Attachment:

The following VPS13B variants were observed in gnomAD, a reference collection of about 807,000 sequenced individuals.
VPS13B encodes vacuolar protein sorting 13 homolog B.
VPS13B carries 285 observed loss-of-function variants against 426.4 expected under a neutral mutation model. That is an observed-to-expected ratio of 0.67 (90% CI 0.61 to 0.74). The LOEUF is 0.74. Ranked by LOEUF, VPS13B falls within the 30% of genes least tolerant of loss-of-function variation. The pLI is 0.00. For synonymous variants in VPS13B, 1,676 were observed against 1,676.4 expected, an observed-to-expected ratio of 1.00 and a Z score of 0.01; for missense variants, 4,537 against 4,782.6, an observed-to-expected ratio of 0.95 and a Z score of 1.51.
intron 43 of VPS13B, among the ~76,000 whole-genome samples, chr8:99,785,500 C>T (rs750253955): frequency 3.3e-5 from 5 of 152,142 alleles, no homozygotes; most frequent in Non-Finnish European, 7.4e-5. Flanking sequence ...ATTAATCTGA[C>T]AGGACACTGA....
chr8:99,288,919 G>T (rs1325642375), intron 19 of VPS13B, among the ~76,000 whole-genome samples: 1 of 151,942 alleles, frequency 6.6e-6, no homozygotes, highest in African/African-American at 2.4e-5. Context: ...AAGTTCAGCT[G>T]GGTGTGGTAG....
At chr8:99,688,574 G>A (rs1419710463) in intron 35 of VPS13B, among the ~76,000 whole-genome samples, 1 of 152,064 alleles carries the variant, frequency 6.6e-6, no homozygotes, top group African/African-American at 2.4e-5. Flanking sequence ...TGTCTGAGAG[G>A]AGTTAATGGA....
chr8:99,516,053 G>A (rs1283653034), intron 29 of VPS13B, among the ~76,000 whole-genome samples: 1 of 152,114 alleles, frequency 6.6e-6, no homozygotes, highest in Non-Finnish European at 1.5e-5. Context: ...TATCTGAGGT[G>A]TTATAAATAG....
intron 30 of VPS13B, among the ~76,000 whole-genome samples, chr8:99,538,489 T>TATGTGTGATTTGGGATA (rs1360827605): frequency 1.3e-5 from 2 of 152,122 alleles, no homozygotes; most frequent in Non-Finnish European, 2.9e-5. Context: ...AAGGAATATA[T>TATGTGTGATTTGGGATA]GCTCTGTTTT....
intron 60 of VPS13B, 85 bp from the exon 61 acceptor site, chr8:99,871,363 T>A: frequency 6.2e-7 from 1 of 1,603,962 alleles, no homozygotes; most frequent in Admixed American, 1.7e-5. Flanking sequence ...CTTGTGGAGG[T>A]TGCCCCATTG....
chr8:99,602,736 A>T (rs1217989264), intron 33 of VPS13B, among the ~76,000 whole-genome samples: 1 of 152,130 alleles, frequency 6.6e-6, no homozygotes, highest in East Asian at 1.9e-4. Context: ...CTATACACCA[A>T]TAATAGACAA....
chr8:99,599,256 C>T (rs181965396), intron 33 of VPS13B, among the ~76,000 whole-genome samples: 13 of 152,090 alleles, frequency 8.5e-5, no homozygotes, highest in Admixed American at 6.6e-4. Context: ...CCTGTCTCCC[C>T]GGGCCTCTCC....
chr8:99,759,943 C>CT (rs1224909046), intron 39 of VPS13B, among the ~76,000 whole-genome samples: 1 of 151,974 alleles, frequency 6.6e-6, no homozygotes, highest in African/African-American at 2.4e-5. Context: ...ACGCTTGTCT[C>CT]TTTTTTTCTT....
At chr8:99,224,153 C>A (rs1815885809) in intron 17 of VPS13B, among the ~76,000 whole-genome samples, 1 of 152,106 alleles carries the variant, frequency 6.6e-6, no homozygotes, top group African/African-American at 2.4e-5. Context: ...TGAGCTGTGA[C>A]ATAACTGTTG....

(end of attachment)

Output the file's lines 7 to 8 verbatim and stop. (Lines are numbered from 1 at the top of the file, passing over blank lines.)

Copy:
chr8:99,516,053 G>A (rs1283653034), intron 29 of VPS13B, among the ~76,000 whole-genome samples: 1 of 152,114 alleles, frequency 6.6e-6, no homozygotes, highest in Non-Finnish European at 1.5e-5. Context: ...TATCTGAGGT[G>A]TTATAAATAG....
intron 30 of VPS13B, among the ~76,000 whole-genome samples, chr8:99,538,489 T>TATGTGTGATTTGGGATA (rs1360827605): frequency 1.3e-5 from 2 of 152,122 alleles, no homozygotes; most frequent in Non-Finnish European, 2.9e-5. Context: ...AAGGAATATA[T>TATGTGTGATTTGGGATA]GCTCTGTTTT....